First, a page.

What Is Cashew Cheese And How Do You Make It

There's no questioning that the popularity of and demand for non-dairy alternatives has been on the rise for a while now. In fact, between 2009 and 2015, the worldwide sales of non-dairy milk alternatives more than doubled, reaching $21 billion, according to a study published by the University of Virginia Health System. The same study speculates that the increase in demand for non-dairy alternatives might be due to allergies, lactose intolerance (which 65 percent of the US population has, by the way), or adherence to vegan or plant-based diets. 

Dietary reasoning aside, non-dairy alternatives can still be just as tasty and nutritious as their dairy counterparts. Some of the most common non-dairy alternatives are made from nuts, seeds, legumes, vegetables, and cereals — and oftentimes taste surprisingly identical to the food they're supposed to mimic. But today we need to talk about cashews, and more specifically, how the heck people are able to make "cheese" out of them.

What is cashew cheese, anyway?

Cashew cheese? Sounds weird, we know, but bear with us. In short, cashew cheese is a nut-based alternative to traditional dairy cheese. According to Spread'Em Kitchen, "The cashews are blended and flavor components are added, along with nutritional yeast or active live cultures to give it a cheesy taste and texture." Similar to its dairy counterpart, cashew cheese can be seasoned to seamlessly match whatever flavor you're trying to achieve — whether you're looking for a hard, tangy, savory, soft, or ashy taste and texture.

Did we mention cashews are also super nutritious? According to Healthline, they contain zinc, iron, copper, magnesium, and good fats, so in addition to incorporating some "cheesy" goodness into your diet, you're also getting plenty of nutrients. (Pro tip: If you're making unsweetened cashew milk, it only contains 60 calories per cup, no saturated fat, and no cholesterol, according to University of Virginia Health System study.) If you ask us, that's definitely a win-win.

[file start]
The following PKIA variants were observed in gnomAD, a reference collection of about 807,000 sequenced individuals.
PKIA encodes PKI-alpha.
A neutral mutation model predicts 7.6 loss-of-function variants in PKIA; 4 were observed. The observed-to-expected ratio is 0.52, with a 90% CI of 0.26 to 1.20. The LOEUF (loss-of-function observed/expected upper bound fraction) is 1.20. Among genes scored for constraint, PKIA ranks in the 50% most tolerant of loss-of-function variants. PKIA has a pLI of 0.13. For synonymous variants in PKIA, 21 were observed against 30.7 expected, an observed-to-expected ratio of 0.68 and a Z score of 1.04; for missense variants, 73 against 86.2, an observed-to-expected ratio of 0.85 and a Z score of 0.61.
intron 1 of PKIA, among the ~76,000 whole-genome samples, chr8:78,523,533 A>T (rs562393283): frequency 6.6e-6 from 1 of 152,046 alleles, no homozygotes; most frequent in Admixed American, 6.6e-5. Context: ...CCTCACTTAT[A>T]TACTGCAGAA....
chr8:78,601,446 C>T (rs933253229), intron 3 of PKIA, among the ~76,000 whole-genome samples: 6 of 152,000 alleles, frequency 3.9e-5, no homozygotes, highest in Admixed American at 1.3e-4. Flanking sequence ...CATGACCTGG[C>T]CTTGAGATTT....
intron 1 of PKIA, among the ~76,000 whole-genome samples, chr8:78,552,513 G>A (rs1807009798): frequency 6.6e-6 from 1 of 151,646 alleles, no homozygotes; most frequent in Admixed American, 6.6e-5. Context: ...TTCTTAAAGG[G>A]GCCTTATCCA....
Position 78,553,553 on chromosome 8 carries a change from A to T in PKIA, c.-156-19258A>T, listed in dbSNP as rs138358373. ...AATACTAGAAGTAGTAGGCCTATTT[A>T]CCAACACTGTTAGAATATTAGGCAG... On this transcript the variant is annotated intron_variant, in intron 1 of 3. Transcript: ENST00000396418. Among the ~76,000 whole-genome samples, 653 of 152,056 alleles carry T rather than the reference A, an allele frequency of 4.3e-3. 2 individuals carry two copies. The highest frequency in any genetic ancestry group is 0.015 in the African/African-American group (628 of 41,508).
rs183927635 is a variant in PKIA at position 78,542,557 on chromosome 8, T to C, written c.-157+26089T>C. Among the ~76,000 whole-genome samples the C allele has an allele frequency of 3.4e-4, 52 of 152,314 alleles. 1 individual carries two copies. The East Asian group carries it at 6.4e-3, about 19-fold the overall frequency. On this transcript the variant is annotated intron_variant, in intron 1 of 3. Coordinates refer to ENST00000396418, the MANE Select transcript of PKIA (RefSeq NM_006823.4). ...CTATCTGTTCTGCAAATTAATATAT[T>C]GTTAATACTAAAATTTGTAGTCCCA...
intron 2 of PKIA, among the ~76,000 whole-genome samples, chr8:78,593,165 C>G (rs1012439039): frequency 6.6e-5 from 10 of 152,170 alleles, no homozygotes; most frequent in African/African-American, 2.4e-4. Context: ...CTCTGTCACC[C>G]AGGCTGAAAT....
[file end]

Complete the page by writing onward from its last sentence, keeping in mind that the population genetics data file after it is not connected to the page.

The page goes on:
So, how do you make cashew cheese?

Cashews' creamy consistency and texture make them super quick and easy to work with, which might be one of the reasons so many people use it as a cheese alternative. All you'll need is a blender or food processor, some cashews, nutritional yeast (for a cheesy taste), and whatever flavor components you want, according to Spread'Em Kitchen. Cultured cashew cheese, on the other hand, takes longer to make. 

"Active live bacteria are used to ferment the cashew cheese, adding taste and texture all on their own, just like in dairy cheese. Once the cheese base is inoculated with the vegan bacteria culture, it is aged for a period of time." One of the benefits of taking the extra time to make a cultured version? You'll get all of the healthy probiotics that come from the vegan bacteria culture — and it's delicious, so there's that. 

To make quick, easy cashew cheese (not fermented), Minimalist Baker suggests soaking two cups of cashew nuts in cool water for 12 hours, draining and rinsing them, tossing them in a blender with some garlic gloves, lemon juice and zest, nutritional yeast, olive oil, water, and salt, then putting it in the fridge for six to 12 hours. (If you have a cheesecloth, that makes the job even easier.) Et voila! Delicious, savory non-dairy cheese that will make everyone ask for the recipe.